“The rule issued from Boxing Canada to the Quebec Boxing Federation was not to reveal that the opponent was transsexual, so that the latter would not be discriminated against. However, after confirmation, this policy only applies when a sex change has taken place before puberty,” she explains, noting that because Walmsley is a foreign national, his transition history is entirely unclear.

Following Bissonnette’s withdrawal, the competition was unable to find another woman in the super welterweight category (165lbs) to match against Walmsley, and he won by default.

The Quebec Boxing Federation was reportedly aware of Walmsley’s biological sex, but justified the fight by stating they had chosen an appropriate referee for the match. Ultimately, Bissonnette says her decision to withdraw came down to safety.

“According to a study, a male blow has 163% more impact than a women’s, even adjusted for weight,” she says, referring to a 2020 study on strength published by researchers at the University of Utah. “In the group studied, the weakest man remains physically superior to the strongest woman.”

Bissonnette goes on to note that women’s participation in combat sports is relatively recent, but may not last much longer if females are continuously paired up to fight males.

“Women shouldn’t have to bear the physical and psychological risks brought by a man’s decisions regarding his personal life and identity,” she continues. “There should be two categories: biological male and female.”

Bissonnette’s decision to refuse to fight Walmsley comes on the heels of several instances of similar protests by women across the sporting world.

As previously reported by Reduxx, women abandoned a Brazilian Jiu-Jitsu tournament in Georgia last month in protest of the participation of multiple trans-identified males. As a result, one of the men took home four gold medals in the women’s category, and, in one of the divisions, only males were on the winner’s podium.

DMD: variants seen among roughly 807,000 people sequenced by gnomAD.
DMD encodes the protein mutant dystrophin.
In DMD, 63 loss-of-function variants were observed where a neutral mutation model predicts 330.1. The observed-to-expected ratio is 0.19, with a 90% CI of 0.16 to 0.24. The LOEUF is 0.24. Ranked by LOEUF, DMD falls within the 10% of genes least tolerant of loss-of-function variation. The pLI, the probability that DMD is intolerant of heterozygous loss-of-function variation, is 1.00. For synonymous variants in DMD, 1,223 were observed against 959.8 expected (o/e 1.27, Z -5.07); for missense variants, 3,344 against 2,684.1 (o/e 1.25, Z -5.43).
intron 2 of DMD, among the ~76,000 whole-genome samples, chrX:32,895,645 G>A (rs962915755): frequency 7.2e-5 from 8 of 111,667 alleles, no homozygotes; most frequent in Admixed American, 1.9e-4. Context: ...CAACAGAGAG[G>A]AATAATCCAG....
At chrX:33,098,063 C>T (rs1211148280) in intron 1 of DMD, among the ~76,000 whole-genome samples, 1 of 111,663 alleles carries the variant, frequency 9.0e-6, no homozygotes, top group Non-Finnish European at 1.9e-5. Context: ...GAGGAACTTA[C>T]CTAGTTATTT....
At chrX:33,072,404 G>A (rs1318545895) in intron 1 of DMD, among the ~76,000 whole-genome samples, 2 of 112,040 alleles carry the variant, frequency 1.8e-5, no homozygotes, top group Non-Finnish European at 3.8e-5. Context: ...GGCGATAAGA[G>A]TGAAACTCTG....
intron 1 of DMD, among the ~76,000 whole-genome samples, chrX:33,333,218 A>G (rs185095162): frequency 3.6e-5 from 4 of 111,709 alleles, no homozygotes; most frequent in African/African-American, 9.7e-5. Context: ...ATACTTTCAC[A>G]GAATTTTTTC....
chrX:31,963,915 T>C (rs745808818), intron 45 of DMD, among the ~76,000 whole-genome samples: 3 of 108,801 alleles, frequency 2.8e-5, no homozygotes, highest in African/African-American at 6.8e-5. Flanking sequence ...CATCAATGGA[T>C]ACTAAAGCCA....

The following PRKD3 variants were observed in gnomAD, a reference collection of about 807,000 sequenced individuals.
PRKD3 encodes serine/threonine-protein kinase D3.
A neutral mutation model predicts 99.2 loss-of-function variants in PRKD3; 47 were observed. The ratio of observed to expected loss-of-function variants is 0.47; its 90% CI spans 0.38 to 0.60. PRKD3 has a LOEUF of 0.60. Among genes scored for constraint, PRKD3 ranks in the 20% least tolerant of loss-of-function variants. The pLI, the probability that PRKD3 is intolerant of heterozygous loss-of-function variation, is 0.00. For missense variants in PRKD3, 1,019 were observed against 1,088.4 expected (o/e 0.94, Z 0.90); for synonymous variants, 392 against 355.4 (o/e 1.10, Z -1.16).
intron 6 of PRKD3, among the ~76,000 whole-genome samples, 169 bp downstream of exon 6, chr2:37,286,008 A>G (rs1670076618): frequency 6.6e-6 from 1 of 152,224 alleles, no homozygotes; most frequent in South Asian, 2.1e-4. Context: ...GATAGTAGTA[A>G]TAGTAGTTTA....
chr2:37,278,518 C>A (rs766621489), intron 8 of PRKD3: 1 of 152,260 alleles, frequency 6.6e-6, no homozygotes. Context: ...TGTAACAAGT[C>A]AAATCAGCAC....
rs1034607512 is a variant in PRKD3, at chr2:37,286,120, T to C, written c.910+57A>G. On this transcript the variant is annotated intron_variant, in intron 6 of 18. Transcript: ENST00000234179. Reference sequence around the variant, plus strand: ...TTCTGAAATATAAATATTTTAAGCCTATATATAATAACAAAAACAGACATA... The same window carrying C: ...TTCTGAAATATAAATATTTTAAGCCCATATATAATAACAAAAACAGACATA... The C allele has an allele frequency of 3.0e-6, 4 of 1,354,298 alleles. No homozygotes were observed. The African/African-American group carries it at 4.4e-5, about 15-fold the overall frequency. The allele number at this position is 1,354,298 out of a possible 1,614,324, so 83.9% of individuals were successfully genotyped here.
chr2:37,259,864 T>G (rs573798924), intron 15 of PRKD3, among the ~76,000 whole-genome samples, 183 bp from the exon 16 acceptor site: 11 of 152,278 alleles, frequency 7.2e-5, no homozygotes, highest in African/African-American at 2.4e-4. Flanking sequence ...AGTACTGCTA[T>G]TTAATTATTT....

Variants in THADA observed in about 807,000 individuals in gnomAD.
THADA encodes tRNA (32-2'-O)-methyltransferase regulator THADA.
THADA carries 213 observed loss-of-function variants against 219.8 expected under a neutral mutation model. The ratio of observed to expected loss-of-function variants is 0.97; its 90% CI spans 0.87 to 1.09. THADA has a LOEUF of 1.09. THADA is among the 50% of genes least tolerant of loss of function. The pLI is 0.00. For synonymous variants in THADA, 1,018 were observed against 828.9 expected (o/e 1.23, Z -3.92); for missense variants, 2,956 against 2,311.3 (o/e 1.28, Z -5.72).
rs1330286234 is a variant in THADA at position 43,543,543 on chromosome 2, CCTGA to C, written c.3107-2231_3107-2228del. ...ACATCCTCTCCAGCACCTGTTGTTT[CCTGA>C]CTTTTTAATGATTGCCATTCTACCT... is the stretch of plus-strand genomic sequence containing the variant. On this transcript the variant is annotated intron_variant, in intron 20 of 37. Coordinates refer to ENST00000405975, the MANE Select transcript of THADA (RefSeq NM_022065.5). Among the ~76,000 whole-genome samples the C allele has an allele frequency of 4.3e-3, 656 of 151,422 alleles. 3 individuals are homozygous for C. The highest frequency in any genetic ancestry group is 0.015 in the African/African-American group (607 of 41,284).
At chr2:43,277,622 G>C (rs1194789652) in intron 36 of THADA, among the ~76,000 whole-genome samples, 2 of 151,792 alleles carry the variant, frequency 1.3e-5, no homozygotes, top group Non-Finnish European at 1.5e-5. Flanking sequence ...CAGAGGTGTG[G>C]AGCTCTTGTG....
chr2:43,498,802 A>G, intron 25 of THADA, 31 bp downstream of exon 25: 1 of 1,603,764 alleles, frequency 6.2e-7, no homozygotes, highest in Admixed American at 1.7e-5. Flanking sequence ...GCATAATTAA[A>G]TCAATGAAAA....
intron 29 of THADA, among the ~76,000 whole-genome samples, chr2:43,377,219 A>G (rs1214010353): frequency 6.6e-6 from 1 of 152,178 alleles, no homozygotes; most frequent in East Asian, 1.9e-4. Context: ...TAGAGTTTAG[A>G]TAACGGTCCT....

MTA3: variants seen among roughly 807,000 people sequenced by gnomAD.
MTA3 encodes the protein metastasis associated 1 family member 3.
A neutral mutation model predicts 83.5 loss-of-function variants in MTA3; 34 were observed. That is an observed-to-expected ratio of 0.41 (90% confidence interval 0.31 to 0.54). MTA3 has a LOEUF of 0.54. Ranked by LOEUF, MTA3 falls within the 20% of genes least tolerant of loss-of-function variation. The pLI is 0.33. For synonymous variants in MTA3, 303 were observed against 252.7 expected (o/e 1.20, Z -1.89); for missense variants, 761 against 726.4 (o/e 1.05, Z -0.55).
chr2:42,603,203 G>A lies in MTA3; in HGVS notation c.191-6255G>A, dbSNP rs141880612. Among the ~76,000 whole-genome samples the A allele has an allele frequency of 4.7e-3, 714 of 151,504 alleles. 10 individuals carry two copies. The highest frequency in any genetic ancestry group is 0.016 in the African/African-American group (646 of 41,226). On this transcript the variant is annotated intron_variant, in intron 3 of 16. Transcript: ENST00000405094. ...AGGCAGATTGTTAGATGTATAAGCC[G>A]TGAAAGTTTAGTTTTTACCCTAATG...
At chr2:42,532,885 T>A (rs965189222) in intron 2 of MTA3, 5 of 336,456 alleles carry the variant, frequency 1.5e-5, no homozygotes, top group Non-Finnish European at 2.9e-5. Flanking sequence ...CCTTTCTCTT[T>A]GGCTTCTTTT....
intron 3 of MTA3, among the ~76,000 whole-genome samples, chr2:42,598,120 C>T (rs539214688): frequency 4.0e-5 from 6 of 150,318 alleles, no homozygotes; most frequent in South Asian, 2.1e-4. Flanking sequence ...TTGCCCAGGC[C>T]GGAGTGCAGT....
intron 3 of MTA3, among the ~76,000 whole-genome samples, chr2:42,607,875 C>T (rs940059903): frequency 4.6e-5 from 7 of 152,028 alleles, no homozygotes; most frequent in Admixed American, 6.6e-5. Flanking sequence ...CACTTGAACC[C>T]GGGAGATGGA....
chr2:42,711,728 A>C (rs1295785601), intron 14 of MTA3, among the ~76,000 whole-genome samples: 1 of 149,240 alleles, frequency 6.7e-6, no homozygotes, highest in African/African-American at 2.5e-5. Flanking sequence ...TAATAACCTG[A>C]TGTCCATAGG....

Female martial artists Jayden Alexander and Ansleigh Wilk spoke out against the North American Grappling Association (NAGA) for their gender self-identification policy, sparking a wildfire of backlash that ultimately resulted in NAGA fully segregating the divisions based on biological sex with “no exceptions.”

On November 13, a female pool player in England caused similar controversy after walking away from the table during a tournament in Wales in apparent protest of a trans-identified male who was competing.


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Anna Slatz

Anna is the Co-Founder and Editor-in-Chief at Reduxx, with a journalistic focus on covering crime, child predators, and women's rights. She lives in Canada, enjoys Opera, and kvetches in her spare time.

Anna Slatz
Anna Slatz
Anna is the Co-Founder and Editor-in-Chief at Reduxx, with a journalistic focus on covering crime, child predators, and women's rights. She lives in Canada, enjoys Opera, and kvetches in her spare time.